program, the brain is computer hardware’ […] and furthermore, not only can you state it simply, you can refute it in a few minutes […] It takes five minutes to state the refutation.” – John Searle on the Philosophy of Mind  Some people might contend that the analysis of understanding would not be complete without mentioning one of the arguments that have inspired intense debate in the Artificial Intelligence community: the Chinese Room Argument. This argument is a Gedankenexperiment, or thought experiment, proposed by John Searle based on five well known ideas: 1. Turing Machines, the mathematical representation of a symbolmanipulating device. 2. Algorithm, the mathematical description of a program. 3. Church’s Thesis, the idea that any algorithm can be implemented in a Turing machine. 4. Turing’s Theorem, the idea that a Universal Turing Machine is capable of simulating any Turing Machine. 5. Turing Test, originally proposed by Alan Turing “in order to replace the emotionally charged (and for him) meaningless question ‘Can machines think?’ with a more well-defined one.”  With those ideas in mind, Searle asks us to think that “a monolingual English speaker who is locked in a room with a set of computer rules for answer questions in Chinese would in principle be able to pass the Turing Test, but would not thereby understand a word of Chinese. If the man doesn’t understand Chinese, neither does any digital computer.”  A first reaction to this experiment could be to note the weight Searle places on the Turing Test as a way to determine if a machine can understand Chinese. However, to his defense, later he states the formal structure of his argument as follows:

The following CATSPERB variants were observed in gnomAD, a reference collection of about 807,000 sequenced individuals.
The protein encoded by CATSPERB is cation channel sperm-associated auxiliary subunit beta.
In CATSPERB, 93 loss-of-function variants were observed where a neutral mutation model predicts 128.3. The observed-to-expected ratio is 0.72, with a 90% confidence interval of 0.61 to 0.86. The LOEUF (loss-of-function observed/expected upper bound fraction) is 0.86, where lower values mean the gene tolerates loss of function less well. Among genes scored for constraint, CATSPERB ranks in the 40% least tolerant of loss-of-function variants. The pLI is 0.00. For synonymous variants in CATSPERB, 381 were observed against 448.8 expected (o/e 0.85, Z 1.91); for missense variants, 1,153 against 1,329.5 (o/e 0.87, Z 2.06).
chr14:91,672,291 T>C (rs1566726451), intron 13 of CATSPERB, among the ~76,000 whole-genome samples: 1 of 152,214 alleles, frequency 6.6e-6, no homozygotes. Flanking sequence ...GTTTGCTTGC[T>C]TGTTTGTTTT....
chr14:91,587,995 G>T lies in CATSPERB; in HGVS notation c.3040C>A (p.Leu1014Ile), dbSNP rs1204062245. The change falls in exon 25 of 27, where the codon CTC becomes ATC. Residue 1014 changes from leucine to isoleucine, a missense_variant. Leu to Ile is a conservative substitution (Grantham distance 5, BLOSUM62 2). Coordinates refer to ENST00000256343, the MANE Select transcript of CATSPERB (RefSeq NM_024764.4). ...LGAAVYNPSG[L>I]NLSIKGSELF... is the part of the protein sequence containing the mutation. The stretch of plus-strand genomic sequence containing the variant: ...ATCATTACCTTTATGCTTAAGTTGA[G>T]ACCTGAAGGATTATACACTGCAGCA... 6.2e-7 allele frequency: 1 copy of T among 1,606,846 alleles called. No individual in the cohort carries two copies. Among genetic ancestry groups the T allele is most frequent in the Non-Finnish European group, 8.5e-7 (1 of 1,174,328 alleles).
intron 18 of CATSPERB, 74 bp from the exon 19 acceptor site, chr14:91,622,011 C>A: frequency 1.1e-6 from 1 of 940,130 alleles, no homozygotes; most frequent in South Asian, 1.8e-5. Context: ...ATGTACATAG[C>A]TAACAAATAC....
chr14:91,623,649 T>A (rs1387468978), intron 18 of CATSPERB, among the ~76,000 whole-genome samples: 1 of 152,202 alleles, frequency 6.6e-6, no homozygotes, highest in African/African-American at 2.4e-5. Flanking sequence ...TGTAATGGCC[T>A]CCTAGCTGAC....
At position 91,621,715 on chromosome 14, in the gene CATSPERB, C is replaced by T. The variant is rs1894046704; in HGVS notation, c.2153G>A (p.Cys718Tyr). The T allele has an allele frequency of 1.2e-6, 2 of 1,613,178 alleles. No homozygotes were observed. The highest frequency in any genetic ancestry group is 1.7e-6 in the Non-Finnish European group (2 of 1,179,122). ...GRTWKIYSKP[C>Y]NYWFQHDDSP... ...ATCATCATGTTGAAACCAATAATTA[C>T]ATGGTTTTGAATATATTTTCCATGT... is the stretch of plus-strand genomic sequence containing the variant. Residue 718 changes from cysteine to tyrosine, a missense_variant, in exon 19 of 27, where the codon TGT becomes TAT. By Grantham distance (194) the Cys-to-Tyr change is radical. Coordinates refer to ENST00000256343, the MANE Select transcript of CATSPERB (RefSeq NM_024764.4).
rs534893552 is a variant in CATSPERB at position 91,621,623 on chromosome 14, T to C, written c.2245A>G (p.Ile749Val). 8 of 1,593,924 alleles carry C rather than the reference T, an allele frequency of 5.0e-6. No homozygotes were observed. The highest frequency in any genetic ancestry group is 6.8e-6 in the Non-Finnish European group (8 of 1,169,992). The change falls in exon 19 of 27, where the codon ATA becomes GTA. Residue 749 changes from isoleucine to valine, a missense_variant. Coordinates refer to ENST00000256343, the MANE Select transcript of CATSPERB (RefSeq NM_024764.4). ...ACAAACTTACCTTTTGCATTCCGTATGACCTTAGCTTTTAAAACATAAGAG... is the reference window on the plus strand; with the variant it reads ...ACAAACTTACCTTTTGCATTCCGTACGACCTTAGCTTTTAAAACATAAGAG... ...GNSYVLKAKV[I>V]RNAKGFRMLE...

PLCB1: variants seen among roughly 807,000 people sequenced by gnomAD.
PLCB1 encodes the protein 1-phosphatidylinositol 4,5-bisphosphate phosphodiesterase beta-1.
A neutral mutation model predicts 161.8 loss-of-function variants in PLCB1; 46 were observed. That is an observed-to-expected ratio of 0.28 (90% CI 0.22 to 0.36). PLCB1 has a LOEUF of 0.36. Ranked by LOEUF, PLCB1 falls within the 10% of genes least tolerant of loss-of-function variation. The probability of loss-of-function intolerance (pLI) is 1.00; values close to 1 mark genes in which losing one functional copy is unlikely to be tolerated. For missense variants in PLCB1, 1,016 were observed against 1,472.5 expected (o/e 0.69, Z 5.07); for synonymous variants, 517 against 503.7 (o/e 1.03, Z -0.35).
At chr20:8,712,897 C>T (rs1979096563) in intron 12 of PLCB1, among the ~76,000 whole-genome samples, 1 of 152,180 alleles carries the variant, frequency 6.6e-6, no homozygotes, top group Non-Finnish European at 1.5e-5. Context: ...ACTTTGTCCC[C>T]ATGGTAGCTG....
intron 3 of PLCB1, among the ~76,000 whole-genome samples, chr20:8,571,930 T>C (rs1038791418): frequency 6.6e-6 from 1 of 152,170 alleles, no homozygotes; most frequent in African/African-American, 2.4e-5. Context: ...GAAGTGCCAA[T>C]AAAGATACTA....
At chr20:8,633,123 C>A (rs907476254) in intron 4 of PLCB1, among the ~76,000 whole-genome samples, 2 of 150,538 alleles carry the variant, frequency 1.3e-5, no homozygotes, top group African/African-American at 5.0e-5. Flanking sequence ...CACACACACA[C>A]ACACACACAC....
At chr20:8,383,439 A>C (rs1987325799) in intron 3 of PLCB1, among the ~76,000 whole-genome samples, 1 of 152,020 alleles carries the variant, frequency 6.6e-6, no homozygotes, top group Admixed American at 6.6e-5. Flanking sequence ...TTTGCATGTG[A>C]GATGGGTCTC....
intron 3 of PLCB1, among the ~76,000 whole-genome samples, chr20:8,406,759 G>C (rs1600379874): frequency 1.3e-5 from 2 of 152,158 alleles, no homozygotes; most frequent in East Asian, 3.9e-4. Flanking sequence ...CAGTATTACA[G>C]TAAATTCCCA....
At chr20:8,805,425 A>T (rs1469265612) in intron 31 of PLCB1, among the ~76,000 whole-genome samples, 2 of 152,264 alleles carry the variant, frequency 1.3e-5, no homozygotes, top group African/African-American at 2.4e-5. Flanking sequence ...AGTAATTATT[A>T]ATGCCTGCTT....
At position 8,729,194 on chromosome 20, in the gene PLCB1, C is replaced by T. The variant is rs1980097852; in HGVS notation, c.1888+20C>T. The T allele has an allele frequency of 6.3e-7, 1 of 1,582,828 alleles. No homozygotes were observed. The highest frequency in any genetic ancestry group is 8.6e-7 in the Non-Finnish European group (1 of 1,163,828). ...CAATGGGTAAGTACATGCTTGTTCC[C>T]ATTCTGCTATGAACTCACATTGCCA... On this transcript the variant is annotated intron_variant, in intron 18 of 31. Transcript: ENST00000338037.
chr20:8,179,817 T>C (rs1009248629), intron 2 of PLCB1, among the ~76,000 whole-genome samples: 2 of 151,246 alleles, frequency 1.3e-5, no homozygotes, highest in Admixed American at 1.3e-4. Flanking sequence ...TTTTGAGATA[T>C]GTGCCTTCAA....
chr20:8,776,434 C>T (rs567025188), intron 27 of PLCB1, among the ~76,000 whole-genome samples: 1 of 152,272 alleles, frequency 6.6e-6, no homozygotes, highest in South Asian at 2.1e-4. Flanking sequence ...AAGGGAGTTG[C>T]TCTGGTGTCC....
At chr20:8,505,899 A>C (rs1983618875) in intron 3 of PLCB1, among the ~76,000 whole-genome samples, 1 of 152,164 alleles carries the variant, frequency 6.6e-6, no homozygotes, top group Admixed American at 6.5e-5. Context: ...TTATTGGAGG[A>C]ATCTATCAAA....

A. Programs are syntactical B. Minds have semantic contents C. Syntax is not sufficient for semantics D. Therefore, programs are not minds. There are a number of replies to the Chinese Room Argument, some of them, I believe, are unconvincing. For example, the “robot reply” proposes that if we replace the room with a robot that walks around and interacts with the environment, like a human does, it would be showing understanding for the things he does. Other responses, like the “systems response” are more convincing. The “systems reply” states that it is not the man inside the room that understands Chinese, but the system as a whole. It is important to note that Searle does not deny the possibility that machines can do what human minds do. What he does not believe is that a computer program or for that matter a Turing Machine, can achieve it. He says: "only a machine could think, and only very special kinds of machines, namely brains and machines with internal causal powers equivalent to those of brains And that is why strong AI has little to tell us about thinking, since it is not about machines but about programs, and no program by itself is sufficient for thinking.”  As stated before, one of the biggest issues with this type of discussion is the use of the word understanding. This leads to a lengthy discussion over a word that encapsulates multiple other processes without looking at each one of them separately. Unfortunately, he also puts emphasis on yet another suitcase word: intentionality. He says: “Any attempt literally to create intentionality artificially (strong AI) could not succeed just by designing programs but would have to duplicate the causal powers of the human brain.”  On the other hand, I agree with Searle’s on his following ideas: